Dear Board Member,

As you may already be aware, Resource Property Management is a member of CEOMC, an organization with membership comprised of individual management companies throughout the state of Florida.  The main goal of CEOMC is to promote and protect Florida Community Associations by serving as an advocate for millions of homeowners who are affected by legislative decisions made in Tallahassee. Led by executive director, Mark Anderson and executive assistant Josh Burkett, CEOMC has worked tirelessly to ensure the best interests of our communities are known to lawmakers. Our group has been monitoring the latest from Tallahassee and the following is an update we received regarding the “Special Legislative Session”:

The Florida Legislature and Governor convened a special session to address the issue of property insurance, which began on Monday, May 23, 2022. (Please see the attached insurance update)

However, the special session was suddenly expanded to include the Surfside legislation that did not pass during the regular Legislative Session earlier this year.  Reconsideration of the issue appears to be driven by the increased public and political pressure some south Florida legislators were receiving because of failing to pass anything two months ago.

The Bill language can be found here.

The following are highlighted provisions of the Bill:

  1. Building inspections are mandated for Condos and Co-Ops that are 3 stories or more in height, 30 years after the CO is issued. If within 3 miles of the coast, inspections are mandated 25 years after the CO is issued and then every 10 years thereafter.

If a building is already over 30 years (or 25 if by the coast), the initial inspection must be completed by December 31st, 2024.

  1. The Inspections must be completed by a licensed architect or engineer
  2. Inspections are broken down into phases. Phase 2 only needs to occur if issues are found in the Phase 1 inspection.
  3. The Engineer must submit the inspection report to the association and the local building official.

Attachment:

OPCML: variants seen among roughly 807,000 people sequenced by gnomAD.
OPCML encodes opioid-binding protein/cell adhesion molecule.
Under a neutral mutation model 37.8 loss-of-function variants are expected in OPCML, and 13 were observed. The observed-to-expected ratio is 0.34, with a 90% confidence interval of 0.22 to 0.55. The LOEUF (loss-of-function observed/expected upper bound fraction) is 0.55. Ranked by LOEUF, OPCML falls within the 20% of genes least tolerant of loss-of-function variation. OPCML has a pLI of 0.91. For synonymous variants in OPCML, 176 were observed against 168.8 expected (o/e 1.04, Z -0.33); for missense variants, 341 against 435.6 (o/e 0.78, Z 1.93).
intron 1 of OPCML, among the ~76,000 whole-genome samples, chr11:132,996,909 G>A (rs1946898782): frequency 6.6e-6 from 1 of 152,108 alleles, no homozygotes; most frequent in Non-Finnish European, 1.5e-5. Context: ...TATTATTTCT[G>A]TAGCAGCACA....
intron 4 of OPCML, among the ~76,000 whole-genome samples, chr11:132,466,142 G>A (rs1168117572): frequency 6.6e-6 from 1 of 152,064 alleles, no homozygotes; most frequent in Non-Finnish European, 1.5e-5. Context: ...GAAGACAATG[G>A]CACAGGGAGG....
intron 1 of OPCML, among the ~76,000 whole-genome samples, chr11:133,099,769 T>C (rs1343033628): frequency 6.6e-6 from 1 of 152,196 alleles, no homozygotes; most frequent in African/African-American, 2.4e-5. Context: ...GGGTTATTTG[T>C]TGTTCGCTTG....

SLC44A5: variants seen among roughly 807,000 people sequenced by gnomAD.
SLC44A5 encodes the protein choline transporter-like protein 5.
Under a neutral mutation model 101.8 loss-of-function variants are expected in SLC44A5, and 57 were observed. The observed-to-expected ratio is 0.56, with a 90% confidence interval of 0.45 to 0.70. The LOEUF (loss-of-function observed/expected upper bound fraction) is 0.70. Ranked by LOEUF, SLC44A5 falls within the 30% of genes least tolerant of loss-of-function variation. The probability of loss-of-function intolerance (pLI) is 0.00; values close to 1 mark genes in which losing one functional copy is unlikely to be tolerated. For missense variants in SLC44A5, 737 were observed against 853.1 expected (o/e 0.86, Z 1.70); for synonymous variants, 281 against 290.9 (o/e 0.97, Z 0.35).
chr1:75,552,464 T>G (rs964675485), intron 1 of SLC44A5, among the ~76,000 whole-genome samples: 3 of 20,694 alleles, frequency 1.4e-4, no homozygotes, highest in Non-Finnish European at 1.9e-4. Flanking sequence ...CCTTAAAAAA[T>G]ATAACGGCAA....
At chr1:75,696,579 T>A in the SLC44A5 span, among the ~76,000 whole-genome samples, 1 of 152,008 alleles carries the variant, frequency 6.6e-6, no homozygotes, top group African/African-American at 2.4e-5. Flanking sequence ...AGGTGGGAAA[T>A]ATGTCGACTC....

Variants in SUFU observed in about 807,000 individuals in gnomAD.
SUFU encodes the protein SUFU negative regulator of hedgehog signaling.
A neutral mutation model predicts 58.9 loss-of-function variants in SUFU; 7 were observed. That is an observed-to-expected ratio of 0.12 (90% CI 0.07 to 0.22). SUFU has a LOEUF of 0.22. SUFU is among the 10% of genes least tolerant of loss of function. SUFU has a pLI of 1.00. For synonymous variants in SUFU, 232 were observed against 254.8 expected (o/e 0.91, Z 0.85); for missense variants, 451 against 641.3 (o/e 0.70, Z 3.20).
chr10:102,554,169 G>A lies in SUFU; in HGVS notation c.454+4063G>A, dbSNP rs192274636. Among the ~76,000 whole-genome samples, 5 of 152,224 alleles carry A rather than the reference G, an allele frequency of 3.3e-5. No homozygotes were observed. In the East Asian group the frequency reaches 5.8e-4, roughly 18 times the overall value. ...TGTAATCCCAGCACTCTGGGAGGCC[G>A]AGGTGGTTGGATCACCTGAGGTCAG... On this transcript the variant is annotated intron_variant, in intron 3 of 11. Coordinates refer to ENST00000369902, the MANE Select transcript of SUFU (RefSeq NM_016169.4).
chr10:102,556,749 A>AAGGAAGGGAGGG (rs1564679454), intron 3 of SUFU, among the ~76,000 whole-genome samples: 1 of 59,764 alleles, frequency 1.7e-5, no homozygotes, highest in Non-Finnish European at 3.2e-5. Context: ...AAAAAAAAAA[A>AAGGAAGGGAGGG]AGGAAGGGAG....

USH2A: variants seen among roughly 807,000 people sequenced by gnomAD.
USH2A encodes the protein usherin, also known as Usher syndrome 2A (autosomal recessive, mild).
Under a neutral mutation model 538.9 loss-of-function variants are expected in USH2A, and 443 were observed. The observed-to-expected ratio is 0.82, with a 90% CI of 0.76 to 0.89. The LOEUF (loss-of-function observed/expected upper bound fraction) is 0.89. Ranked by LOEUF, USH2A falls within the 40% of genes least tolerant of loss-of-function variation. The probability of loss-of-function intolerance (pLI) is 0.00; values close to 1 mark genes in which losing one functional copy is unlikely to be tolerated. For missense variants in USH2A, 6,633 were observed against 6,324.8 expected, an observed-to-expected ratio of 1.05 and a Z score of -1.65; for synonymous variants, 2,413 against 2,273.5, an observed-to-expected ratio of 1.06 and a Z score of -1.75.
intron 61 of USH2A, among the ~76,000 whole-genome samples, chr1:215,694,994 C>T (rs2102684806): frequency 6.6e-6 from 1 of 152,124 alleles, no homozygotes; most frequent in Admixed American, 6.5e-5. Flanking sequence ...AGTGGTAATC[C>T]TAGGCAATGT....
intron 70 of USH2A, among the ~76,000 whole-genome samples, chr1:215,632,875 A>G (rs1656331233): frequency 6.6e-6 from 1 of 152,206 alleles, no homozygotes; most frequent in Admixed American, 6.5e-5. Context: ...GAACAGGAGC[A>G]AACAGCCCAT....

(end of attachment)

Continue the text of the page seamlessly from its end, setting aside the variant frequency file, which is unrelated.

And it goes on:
4. Associations must give the inspection report to the owners.
  5. Inspection reports are defined as official records and must be maintained and posted on the communities’ website, if applicable.
  1. If The CAM or management firm has a contract with an association that has buildings 3 stories or greater in height, the CAM or firm must act in accordance with Board’s direction by complying with the requirements of building inspections.
  2. The bill prohibits unit owners from waiving or reducing reserves after December 31st, 2024, for certain components that are identified by a “structural integrity reserve study.”
  3. Developers are prohibited from waiving reserves
  4. Associations are required to conduct a “structural integrity reserve study” AT LEAST every 10 years and detail, at a minimum, what must be included in the Reserve Study.
    1. These new reserve studies must have a visual site inspection performed by an architect or engineer. The other parts of the reserve study may be performed by anyone qualified to do reserve studies.
    2. Failing to conduct this new reserve study would be a breach of the Board’s fiduciary duty to their unit owners.
  5. Both the inspection reports and structural reserve study are to be provided to prospective buyers in the non-developer discloser documents.

According to Mark Anderson, this all happened very quickly (over a few hours) with no notice and no opportunity for any concerns to be heard.  However, there will be a bill introduced next session to address certain languages which may need clarification or reconsideration.  It is our understanding that many legislators have already committed their support to clean up this bill.

We have also been advised by Mark that next year may present several challenges related to Association costs.  We will keep you updated as pertinent legislative issues arise. 
Thank you for your attention.